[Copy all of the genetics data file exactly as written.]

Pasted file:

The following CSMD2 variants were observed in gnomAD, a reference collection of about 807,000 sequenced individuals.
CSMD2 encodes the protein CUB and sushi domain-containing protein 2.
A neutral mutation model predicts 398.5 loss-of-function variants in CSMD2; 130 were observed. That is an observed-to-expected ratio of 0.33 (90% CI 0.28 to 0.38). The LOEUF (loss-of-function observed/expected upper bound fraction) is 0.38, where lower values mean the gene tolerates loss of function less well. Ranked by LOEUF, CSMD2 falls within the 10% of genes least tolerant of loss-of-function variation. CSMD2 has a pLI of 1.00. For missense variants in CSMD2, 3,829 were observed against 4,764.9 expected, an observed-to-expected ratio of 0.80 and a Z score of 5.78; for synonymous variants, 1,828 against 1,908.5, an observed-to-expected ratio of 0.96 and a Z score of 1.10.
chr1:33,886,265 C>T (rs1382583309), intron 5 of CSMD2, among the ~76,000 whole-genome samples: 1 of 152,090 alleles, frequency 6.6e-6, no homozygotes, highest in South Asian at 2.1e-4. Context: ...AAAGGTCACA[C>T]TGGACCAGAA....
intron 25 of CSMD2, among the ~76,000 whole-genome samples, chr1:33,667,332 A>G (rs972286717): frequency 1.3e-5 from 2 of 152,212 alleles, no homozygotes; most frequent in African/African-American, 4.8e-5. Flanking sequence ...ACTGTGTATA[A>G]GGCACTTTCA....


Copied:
The following CSMD2 variants were observed in gnomAD, a reference collection of about 807,000 sequenced individuals.
CSMD2 encodes the protein CUB and sushi domain-containing protein 2.
A neutral mutation model predicts 398.5 loss-of-function variants in CSMD2; 130 were observed. That is an observed-to-expected ratio of 0.33 (90% CI 0.28 to 0.38). The LOEUF (loss-of-function observed/expected upper bound fraction) is 0.38, where lower values mean the gene tolerates loss of function less well. Ranked by LOEUF, CSMD2 falls within the 10% of genes least tolerant of loss-of-function variation. CSMD2 has a pLI of 1.00. For missense variants in CSMD2, 3,829 were observed against 4,764.9 expected, an observed-to-expected ratio of 0.80 and a Z score of 5.78; for synonymous variants, 1,828 against 1,908.5, an observed-to-expected ratio of 0.96 and a Z score of 1.10.
chr1:33,886,265 C>T (rs1382583309), intron 5 of CSMD2, among the ~76,000 whole-genome samples: 1 of 152,090 alleles, frequency 6.6e-6, no homozygotes, highest in South Asian at 2.1e-4. Context: ...AAAGGTCACA[C>T]TGGACCAGAA....
intron 25 of CSMD2, among the ~76,000 whole-genome samples, chr1:33,667,332 A>G (rs972286717): frequency 1.3e-5 from 2 of 152,212 alleles, no homozygotes; most frequent in African/African-American, 4.8e-5. Flanking sequence ...ACTGTGTATA[A>G]GGCACTTTCA....